Project Based Learning in NSW schools
Schools in NSW are already using PBL and seeing results.
One school reported a decrease in truancy of 300% in 2017, and a huge reduction in reports of behavioural issues. Here are some further examples of the work being done in NSW schools.
Campbelltown Performing Arts High School
Students at Campbelltown PAHS have focused on their local community through collectively tackling issues such as ‘How can we create gardens in under-utilised spaces?’ and ‘How can we, as students, promote positive and sustainable community engagement with a local reserve?’ The project involved Year 8 students working with Campbelltown City Council to redesign a local parkland area and promote positive community engagement with the area.
Students visited the reserve and conducted a site study with the support of council experts. They identified particular areas of the reserve needed improvement, and created products or services to promote community engagement with the area. In groups, students pitched their ideas to council experts and drew on the expertise of other businesses to inform the design of their final product.
Bush tucker gardens, community facilities, Indigenous railings, signage and redesign of playground equipment and outdoor learning areas were all project outcomes. Meanwhile students attained key outcomes in English, Science and Technological and Applied Studies (TAS).
The students then held an exhibition where they shared their ideas which were then included as part of Campbelltown City Council’s Plan of Management to redesign the reserve.
Oberon High School
Students at Oberon were tasked with designing and producing an information kit for two local landforms in the Oberon area: Jenolan Caves and Kanangra Walls. The communications they produced focused on a value that the landform has to the environment or society, and was presented to reflect the needs of the target audience.
Students learned how each attraction formed, and how this allows its current use. They were given access to expertise from local organisations including Oberon Council, National Parks & Wildlife Service and Jenolan Caves. The media kits they produced included maps, directions and relevant information for their audience, and had to be appropriate to display in the community and available to access in the offices of the above organisations, with exhibition of the projects held at the relevant organisation. Students also exhibited their work at the local Visitors’ Centre and the National Parks & Wildlife Service office. The Mayor, General Manager and tourism staff attended the presentation along with community members.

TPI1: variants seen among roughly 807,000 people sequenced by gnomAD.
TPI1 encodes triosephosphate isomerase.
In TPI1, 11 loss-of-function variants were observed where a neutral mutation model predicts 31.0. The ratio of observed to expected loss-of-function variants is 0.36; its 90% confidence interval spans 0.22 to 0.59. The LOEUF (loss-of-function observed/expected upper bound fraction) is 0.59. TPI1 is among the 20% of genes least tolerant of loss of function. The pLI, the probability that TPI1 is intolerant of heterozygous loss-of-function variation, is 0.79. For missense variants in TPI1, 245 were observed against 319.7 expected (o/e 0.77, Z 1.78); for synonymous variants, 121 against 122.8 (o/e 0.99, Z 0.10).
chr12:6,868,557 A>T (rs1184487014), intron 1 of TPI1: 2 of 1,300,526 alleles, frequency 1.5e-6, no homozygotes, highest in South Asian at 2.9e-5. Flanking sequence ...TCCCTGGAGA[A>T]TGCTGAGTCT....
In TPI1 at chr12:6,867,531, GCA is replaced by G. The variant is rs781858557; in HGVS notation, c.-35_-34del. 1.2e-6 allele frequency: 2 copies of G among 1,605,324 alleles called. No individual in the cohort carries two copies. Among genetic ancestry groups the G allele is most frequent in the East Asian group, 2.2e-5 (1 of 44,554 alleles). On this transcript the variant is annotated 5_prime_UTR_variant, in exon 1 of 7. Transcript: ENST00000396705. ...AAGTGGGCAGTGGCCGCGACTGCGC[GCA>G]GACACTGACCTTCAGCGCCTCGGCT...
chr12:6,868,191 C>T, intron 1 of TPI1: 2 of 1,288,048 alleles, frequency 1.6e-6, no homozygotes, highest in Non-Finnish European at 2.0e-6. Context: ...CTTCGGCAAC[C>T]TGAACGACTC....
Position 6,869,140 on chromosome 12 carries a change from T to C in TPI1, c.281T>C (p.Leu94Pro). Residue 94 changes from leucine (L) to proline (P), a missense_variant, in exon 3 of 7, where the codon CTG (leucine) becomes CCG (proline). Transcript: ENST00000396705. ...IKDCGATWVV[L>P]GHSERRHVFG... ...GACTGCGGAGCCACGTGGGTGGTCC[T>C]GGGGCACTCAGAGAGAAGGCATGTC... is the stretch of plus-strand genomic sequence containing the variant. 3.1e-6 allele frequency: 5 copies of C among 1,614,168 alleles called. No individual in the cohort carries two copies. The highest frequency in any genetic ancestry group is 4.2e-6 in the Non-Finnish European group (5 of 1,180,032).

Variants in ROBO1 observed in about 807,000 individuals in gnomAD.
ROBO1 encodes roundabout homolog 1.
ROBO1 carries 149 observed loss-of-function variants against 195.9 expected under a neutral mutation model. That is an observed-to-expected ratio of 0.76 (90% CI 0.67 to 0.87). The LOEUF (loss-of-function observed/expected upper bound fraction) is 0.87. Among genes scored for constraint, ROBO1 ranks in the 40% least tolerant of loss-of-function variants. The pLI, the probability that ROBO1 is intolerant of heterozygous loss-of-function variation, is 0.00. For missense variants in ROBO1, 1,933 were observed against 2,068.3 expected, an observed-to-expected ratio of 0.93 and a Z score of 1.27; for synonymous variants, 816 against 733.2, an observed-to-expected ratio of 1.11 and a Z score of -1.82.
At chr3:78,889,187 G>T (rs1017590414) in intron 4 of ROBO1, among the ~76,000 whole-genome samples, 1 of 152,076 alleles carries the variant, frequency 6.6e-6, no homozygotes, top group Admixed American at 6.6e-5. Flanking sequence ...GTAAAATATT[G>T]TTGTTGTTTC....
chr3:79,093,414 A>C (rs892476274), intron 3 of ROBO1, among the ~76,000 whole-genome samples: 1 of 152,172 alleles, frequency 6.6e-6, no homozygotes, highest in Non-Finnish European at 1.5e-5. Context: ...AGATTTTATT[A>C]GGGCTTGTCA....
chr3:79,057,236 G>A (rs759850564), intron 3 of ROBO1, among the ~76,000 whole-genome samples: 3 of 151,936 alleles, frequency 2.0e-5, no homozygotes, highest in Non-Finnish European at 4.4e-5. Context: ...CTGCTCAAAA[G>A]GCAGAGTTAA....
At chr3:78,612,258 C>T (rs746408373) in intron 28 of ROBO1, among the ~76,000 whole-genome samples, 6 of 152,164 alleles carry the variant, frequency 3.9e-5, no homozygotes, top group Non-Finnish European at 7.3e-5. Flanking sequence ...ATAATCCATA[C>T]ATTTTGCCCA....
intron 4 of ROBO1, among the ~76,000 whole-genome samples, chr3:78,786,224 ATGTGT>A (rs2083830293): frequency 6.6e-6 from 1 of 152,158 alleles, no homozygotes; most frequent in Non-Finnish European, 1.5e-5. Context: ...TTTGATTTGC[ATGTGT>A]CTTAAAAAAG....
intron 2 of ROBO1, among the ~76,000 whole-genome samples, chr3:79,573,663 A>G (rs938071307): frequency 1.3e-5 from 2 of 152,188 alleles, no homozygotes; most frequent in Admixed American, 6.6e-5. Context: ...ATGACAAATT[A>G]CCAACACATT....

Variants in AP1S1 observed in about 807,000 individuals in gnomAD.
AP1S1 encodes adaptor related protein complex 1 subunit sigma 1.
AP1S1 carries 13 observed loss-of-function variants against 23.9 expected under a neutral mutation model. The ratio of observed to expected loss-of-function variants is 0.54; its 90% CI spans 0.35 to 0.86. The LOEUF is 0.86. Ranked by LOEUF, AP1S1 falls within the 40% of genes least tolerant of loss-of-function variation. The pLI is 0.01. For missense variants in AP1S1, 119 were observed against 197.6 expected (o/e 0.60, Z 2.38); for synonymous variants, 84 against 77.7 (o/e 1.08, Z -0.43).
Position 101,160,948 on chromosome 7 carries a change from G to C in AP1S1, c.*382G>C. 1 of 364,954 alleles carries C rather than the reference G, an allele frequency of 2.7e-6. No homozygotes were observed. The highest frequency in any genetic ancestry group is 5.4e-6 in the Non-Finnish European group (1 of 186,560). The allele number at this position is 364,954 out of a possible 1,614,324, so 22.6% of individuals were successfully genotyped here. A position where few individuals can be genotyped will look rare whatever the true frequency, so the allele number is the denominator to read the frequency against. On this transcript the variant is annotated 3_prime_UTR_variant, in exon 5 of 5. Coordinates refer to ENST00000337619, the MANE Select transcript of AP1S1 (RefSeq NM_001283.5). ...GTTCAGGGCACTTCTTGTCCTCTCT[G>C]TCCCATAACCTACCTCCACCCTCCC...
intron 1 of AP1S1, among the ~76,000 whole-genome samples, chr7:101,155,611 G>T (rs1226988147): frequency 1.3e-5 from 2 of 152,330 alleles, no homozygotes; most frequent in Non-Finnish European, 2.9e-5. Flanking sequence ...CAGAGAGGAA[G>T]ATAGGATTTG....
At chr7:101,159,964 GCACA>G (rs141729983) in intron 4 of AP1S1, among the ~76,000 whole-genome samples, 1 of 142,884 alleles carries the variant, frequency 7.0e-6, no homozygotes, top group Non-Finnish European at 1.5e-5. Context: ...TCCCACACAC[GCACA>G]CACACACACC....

Doonside High School
Doonside HS students in years 7 and 8 have undertaken a number of projects including ‘How do we encourage 12-18 year olds to make healthy choices?’ through which students created a healthy chocolate alternative, a task that combined English, TAS, ICT and Art.
Earlier this year students also focused on the question ‘How do we make Harry Potter come alive in the 21st century?’ This involved students in English/LOTE learning fanfiction writing, history of Hogwarts along with places and livability within the Harry Potter universe. Students in TAS/ PDHPE/ ART focused on herbology (a subject available to Hogwarts students) through paddock to plate. In Maths and Science students plotted coordinates measurements on Hogwarts maps, and focused on plant reproduction through ‘herbology’. Music and ICT students were also engaged through playing Harry Potter songs and creating their own Hogwarts on Minecraft.
Granville Boys High School
Students worked on the challenge, ‘What does it take to be first place in a Formula 1 race?’ by designing and developing a miniature F1 race car, powered by a CO2 canister. Working in groups, students simulated creating a Formula 1 race team. The teams were responsible for design, construction and branding and culminated in an effort to win first place in an upcoming F1 miniature race competition.
Further examples of Project Based Learning are available on the on UTS Futures.
A review of the NSW curriculum is currently underway, the first since 1989. This presents a platform from which to make changes to the current curriculum which take into consideration the rapid changes that have taken place in technology and society, and to implement plans which equip students with the kind of skills which we can predict will be in demand. Feedback can be provided for curriculum review here: